Using logistic regression, 3 analyses were performed to compare adverse events of the central nervous system (CNS) (including psychiatric disturbances), gastrointestinal tract, and skin with sex, race, site of infection, age, peak and trough plasma concentrations, and AUC. These 3 systems were chosen because they had an adequate number of events to attempt logistic regression analysis. Only patients with estimated pharmacokinetic parameters were included (N=272). These analyses used only patients with treatment-emergent adverse events assessed by the investigator as definitely, probably, or possibly related to drug. All other patients were classified as having no adverse event for the particular system being analyzed.

Break points of pharmacodynamic variables (eg, Peak/MIC ratio, AUC/MIC ratio) that divided patients into lower and higher probability groups for successful clinical and microbiological outcome were determined using Classification and Regression Tree (CART) analysis.12

Of 313 patients, 272 were included in the pharmacokinetic analysis; 36 patients were excluded because of lack of plasma concentration data, 3 because of physiologically impossible plasma concentrations and known sample acquisition from the infusion line, and 2 because of known infusion time misspecifications. Of these 272 patients, 134 had clinical outcome determinations and an identified microorganism with a determined MIC. This group of 134 patients was used for the primary efficacy analysis in an attempt to link predictor variables to the probability of a successful clinical outcome. Of these patients, there were 7 clinical failures.

The 134 patients did not differ from the full population of 272 patients with regard to sex, race, age, or plasma concentrations of levofloxacin (peak and trough concentrations as well as the AUC).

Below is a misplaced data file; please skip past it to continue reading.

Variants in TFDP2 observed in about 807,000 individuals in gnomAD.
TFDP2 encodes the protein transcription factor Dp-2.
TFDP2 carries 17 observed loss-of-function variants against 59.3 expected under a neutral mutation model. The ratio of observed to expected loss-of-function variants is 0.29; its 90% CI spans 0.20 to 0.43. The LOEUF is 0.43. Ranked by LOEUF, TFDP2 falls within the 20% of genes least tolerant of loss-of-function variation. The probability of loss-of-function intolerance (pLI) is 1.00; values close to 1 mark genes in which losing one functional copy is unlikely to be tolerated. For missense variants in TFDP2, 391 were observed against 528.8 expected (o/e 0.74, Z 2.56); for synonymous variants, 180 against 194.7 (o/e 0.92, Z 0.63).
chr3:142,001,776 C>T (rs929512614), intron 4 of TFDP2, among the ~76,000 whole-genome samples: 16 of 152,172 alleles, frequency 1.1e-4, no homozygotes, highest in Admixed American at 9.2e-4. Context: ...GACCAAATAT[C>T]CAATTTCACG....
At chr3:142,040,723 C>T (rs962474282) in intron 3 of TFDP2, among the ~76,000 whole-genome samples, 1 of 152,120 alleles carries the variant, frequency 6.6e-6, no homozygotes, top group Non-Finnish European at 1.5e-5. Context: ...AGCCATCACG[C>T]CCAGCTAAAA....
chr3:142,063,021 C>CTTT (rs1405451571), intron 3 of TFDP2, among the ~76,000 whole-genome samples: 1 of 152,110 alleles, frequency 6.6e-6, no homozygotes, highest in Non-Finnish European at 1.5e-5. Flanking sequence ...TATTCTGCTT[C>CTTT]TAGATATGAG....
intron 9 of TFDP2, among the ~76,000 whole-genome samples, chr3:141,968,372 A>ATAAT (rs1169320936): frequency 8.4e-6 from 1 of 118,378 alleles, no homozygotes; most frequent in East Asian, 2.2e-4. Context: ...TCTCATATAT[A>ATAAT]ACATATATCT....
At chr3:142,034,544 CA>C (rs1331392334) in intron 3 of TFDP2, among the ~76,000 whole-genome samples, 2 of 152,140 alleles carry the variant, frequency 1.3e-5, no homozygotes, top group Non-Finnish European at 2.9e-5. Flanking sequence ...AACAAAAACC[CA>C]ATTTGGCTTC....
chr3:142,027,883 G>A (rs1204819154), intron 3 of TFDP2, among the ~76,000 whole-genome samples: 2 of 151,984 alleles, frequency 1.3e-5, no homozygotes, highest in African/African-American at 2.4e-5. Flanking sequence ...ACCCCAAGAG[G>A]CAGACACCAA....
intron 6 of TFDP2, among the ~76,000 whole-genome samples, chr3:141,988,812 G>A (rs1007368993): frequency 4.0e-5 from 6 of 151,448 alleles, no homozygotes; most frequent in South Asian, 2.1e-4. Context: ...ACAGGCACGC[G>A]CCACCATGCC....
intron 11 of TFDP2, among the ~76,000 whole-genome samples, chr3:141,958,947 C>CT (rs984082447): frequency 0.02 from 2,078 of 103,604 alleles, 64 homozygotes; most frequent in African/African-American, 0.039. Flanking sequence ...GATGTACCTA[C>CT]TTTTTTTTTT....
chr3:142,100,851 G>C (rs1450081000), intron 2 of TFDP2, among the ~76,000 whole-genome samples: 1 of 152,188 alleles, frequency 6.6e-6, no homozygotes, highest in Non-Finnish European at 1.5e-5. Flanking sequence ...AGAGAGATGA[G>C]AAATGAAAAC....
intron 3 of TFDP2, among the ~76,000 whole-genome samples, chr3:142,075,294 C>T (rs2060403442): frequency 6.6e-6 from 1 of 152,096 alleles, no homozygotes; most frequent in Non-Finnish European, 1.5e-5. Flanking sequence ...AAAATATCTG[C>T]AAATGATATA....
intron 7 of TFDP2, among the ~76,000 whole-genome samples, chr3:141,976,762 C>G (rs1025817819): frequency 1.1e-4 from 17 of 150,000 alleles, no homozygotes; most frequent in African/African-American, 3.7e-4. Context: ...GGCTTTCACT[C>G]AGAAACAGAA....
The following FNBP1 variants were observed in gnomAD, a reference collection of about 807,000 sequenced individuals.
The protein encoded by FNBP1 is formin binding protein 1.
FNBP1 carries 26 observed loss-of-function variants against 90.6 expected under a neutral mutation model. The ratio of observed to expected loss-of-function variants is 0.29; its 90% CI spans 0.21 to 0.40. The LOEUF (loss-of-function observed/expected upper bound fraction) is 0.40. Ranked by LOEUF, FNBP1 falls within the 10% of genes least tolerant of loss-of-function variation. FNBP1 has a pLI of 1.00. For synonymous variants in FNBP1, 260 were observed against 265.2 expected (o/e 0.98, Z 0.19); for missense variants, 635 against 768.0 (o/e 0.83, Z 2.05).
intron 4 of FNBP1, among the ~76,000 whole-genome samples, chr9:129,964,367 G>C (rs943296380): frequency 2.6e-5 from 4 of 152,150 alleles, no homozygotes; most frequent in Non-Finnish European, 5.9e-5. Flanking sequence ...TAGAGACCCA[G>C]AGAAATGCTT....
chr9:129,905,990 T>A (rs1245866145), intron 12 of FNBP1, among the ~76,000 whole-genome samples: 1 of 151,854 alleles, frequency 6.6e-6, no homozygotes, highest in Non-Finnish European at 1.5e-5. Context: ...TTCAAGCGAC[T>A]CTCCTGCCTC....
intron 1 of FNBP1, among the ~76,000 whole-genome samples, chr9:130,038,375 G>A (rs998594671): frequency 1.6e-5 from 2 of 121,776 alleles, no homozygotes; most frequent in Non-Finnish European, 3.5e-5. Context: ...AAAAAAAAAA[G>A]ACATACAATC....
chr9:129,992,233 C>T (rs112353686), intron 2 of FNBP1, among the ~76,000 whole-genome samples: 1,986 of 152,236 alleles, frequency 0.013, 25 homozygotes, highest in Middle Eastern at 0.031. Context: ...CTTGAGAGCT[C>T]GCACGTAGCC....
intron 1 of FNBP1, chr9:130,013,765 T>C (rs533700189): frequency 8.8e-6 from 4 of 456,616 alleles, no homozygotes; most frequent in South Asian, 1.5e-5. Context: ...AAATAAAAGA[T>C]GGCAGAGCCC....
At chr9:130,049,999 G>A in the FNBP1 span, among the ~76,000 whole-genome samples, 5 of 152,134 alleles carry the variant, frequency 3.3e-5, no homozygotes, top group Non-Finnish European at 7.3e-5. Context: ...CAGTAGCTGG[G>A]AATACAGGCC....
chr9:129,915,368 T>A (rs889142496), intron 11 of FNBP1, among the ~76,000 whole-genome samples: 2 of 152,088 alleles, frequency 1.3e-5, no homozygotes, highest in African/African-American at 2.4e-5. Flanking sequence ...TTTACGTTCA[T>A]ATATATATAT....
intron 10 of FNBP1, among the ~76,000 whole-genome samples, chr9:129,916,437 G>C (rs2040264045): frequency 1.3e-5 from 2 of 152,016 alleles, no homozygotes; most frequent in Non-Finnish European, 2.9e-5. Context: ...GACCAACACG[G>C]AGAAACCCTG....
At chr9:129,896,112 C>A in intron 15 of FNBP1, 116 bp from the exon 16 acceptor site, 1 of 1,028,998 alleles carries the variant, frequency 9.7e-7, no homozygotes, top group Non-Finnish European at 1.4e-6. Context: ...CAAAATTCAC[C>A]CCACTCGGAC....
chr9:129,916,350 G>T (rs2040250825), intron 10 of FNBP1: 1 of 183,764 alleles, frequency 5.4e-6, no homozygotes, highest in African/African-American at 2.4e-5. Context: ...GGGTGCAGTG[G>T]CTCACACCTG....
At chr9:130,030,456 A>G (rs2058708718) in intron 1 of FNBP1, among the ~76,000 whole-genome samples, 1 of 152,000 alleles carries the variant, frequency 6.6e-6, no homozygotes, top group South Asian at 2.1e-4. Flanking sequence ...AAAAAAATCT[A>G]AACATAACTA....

For the microbiological outcome analysis, 116 patients had both a microbiological outcome determined and the data set indicated above for clinical outcome. This group of 116 patients formed the primary data set for the microbiological outcome analysis. Of these patients, 5 had persisting organisms.

For the adverse event analysis, all patients with pharmacokinetic parameters (N=272) were included regardless of whether a pathogen was identified. There were 8 skin adverse events (2.9%), 16 CNS adverse events (5.9%), and 31 gastrointestinal adverse events (11.4%). These treatment-emergent adverse events were all thought to be definitely, probably, or possibly related to drug by the investigators.

Population Pharmacokinetic Modeling

It was determined13 that a 2-compartment pharmacokinetic model best fit the data. The mean, median, and SD of the pharmacokinetic parameter values for the 2-compartment open model are presented in Table 1. Median values for each of the parameters agreed well with the means. These parameter values are similar to those estimated previously using data from a study of healthy volunteers.14 Mean peak concentration and AUC for a levofloxacin dose of 500 mg and dosing interval of 24 hours were 8.67±3.99 µg/mL and 72.53±51.17 µg·h/mL, respectively. In this analysis, a total of 1528 samples were analyzed (mean, 5.6 samples per patient). Patients switched to oral from intravenous therapy at an average of 3.5 days, with a median of 3 days; 67% (210/313) switched to oral therapy on day 4.

Table Graphic Jump LocationTable 1.—Population Pharmacokinetic Parameters for Levofloxacin (N=272)*
Clinical Outcome Analysis